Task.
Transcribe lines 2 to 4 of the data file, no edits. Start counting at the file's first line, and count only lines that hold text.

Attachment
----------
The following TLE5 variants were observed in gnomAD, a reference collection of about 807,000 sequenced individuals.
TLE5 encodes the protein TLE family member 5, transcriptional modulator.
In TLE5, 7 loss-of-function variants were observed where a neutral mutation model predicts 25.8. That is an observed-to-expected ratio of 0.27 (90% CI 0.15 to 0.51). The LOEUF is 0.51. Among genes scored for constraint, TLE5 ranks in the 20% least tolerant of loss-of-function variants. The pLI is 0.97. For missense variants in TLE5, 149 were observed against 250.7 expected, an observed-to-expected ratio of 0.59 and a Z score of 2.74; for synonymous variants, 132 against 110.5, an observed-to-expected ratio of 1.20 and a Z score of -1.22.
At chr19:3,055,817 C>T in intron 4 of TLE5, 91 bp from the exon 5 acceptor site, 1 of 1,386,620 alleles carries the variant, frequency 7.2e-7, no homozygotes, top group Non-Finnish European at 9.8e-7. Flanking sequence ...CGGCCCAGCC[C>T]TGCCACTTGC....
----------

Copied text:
TLE5 encodes the protein TLE family member 5, transcriptional modulator.
In TLE5, 7 loss-of-function variants were observed where a neutral mutation model predicts 25.8. That is an observed-to-expected ratio of 0.27 (90% CI 0.15 to 0.51). The LOEUF is 0.51. Among genes scored for constraint, TLE5 ranks in the 20% least tolerant of loss-of-function variants. The pLI is 0.97. For missense variants in TLE5, 149 were observed against 250.7 expected, an observed-to-expected ratio of 0.59 and a Z score of 2.74; for synonymous variants, 132 against 110.5, an observed-to-expected ratio of 1.20 and a Z score of -1.22.
At chr19:3,055,817 C>T in intron 4 of TLE5, 91 bp from the exon 5 acceptor site, 1 of 1,386,620 alleles carries the variant, frequency 7.2e-7, no homozygotes, top group Non-Finnish European at 9.8e-7. Flanking sequence ...CGGCCCAGCC[C>T]TGCCACTTGC....